In Let’s Talk, Volume 1, Issue 4, Philip Hefner addressed the question, “How is the Church Necessary for Salvation?” by describing the church as God’s well of possibility.” I found his description not so much objectionable as tame, perhaps because it lacked a specific reference to the death-embracing and death-defying sacrament of regeneration. The word “well” suggests water, yet not once did Hefner mention baptism.
When Cyprian of Carthage asserted that “Outside the church there is no salvation,” he said this because the church has baptism administered by the apostolic minister, the bishop or pastor. Writing at the time of the Decian persecution and the Novatian schism, Cyprian in North Africa developed a hard-nosed point of view against which even Pope Stephen of Rome cringed. Pope Stephen held that baptism performed by the lapsed or by heretics was valid. Cyprian argued that apostates (those who lapsed from the faith under persecution) and heretics (not only those who taught false doctrine, but also those who split from the church over disciplinary and procedural issues, like Novatian) had placed themselves outside the church, the body of Christ, and therefore did not have the sacraments of Christ. About Novatian, Cyprian wrote, “We are not interested in what he teaches, since he teaches outside the Church. Whatever and whatsoever kind of person he is, he is not a Christian who is not in Christ’s church.” Since the church has the sacraments of Christ administered by apostolic bishops, the church is the mother who gives birth to Christians. One cannot have God for a Father who does not have the church for a mother. Therefore “outside the church there is no salvation.”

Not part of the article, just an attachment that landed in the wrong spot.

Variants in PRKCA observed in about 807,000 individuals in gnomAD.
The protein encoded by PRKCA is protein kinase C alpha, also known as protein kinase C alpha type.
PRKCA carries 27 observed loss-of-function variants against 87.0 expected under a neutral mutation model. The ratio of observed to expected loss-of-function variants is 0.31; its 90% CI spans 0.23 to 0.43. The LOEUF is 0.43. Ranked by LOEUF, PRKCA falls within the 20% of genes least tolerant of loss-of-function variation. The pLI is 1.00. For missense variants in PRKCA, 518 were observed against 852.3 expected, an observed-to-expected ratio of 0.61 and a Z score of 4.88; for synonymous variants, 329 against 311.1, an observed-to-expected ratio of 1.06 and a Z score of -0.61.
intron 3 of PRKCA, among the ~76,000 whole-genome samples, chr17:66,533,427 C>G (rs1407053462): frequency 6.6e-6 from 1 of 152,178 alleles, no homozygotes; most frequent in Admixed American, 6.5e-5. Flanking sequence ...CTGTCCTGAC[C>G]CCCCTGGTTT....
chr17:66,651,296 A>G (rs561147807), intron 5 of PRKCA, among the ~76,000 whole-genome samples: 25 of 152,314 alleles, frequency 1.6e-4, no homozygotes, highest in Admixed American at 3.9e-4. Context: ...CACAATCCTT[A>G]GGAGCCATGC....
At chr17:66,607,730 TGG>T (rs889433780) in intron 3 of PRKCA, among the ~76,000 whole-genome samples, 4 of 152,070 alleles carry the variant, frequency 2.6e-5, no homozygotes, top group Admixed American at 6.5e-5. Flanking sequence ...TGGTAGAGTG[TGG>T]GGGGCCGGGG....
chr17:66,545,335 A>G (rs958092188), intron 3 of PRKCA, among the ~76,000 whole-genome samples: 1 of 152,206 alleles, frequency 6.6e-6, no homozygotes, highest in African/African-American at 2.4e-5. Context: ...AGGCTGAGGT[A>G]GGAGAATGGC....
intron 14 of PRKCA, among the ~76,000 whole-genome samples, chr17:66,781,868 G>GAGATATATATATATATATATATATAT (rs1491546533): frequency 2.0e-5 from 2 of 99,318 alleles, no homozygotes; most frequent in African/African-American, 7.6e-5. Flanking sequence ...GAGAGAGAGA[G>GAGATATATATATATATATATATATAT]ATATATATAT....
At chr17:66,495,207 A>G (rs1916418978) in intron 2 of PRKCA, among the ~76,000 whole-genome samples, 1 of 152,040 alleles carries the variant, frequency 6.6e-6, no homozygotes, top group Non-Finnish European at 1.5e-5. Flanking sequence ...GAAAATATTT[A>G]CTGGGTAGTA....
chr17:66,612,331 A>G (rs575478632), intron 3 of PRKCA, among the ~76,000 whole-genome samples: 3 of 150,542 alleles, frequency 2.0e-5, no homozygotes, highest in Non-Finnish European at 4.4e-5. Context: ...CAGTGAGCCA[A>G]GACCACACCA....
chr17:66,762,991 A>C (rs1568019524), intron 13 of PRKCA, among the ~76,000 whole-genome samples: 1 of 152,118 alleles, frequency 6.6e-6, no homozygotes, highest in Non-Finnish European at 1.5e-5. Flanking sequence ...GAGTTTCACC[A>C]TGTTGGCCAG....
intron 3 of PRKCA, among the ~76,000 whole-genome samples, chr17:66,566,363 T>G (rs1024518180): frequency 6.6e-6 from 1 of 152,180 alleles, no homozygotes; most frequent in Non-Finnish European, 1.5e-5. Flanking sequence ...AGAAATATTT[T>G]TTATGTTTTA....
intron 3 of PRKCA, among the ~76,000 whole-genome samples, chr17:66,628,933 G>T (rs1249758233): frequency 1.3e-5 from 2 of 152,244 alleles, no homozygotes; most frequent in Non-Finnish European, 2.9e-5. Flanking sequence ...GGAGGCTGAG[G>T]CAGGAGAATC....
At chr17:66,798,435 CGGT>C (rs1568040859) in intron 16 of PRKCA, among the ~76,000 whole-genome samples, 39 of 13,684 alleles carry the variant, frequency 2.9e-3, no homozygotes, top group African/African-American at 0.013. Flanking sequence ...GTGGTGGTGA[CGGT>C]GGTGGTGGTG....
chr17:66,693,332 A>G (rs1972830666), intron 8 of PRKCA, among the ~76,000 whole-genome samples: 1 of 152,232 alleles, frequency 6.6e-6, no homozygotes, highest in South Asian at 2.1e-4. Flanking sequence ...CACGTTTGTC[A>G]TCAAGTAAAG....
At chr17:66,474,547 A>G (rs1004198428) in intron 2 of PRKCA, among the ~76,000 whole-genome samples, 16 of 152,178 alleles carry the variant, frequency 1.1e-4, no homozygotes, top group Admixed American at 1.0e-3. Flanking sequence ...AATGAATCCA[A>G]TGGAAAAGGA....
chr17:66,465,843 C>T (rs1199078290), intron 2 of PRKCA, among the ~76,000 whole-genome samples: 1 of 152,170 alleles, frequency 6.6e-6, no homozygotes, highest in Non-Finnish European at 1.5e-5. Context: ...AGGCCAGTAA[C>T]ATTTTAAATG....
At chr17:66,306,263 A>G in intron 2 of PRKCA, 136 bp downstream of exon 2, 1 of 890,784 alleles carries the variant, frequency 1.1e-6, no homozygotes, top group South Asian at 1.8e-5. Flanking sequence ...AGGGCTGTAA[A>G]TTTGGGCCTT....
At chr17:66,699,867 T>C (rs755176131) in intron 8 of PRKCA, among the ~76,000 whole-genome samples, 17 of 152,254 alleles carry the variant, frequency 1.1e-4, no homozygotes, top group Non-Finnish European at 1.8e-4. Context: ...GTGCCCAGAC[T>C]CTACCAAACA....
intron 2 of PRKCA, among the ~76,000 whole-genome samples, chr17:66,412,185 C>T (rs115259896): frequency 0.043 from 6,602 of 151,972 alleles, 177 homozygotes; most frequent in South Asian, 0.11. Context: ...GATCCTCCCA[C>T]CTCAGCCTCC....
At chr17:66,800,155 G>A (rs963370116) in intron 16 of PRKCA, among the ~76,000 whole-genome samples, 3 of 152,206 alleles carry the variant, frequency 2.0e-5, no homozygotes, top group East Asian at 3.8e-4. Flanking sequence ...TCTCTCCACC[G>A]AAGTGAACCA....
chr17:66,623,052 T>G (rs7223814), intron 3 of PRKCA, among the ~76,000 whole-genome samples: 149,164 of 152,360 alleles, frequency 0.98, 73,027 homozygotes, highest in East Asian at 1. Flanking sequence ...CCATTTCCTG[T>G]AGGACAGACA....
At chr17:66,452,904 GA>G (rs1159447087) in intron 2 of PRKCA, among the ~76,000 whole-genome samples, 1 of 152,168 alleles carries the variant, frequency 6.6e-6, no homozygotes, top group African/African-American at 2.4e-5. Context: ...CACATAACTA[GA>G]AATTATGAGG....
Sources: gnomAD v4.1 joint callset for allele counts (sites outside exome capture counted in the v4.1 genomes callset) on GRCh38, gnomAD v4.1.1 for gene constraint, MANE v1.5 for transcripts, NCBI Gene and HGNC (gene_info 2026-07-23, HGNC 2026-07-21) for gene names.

While we too might cringe at this rigorous view, there is an element of truth in Cyprian’s perspective which the church catholic has embraced even while applying a charity that seemed lacking in Cyprian’s presentation. Baptism is a rite of passage from the life of this world, whose way is sin and whose destiny is death, to the life of the world to come, whose way is holiness and whose destiny is eternal life. The church as an eschatological community, called, gathered, enlightened and sanctified by the Holy Spirit through the means of grace, ever struggles against worldly systems, fleshly desires, and evil powers.
It is a betrayal of the Church’s calling to become identified with the cultures or ways of life of this world in “people’s churches,” whether they are the Scandinavian folk churches, the German Christian movement which marched to Hitler’s drum beat, the consumer-driven megachurches of affluent suburbs, or the ethnocentric communities of urban ghettos. It is a betrayal of the church’s destiny to embrace the ideologies or intellectual captivities of society, whether these are communist, fascist, liberationist, liberal political correctitude, white supremacist or Afro-centrist.
As the community of the incarnate Word, the church must reach out to cultures and engage in dialogue with ideologies, but it does so either to transform them or to confront them with an alternative way of life and world view. The church is God’s well of possibility” not for its own sake, but “for the life of the world.”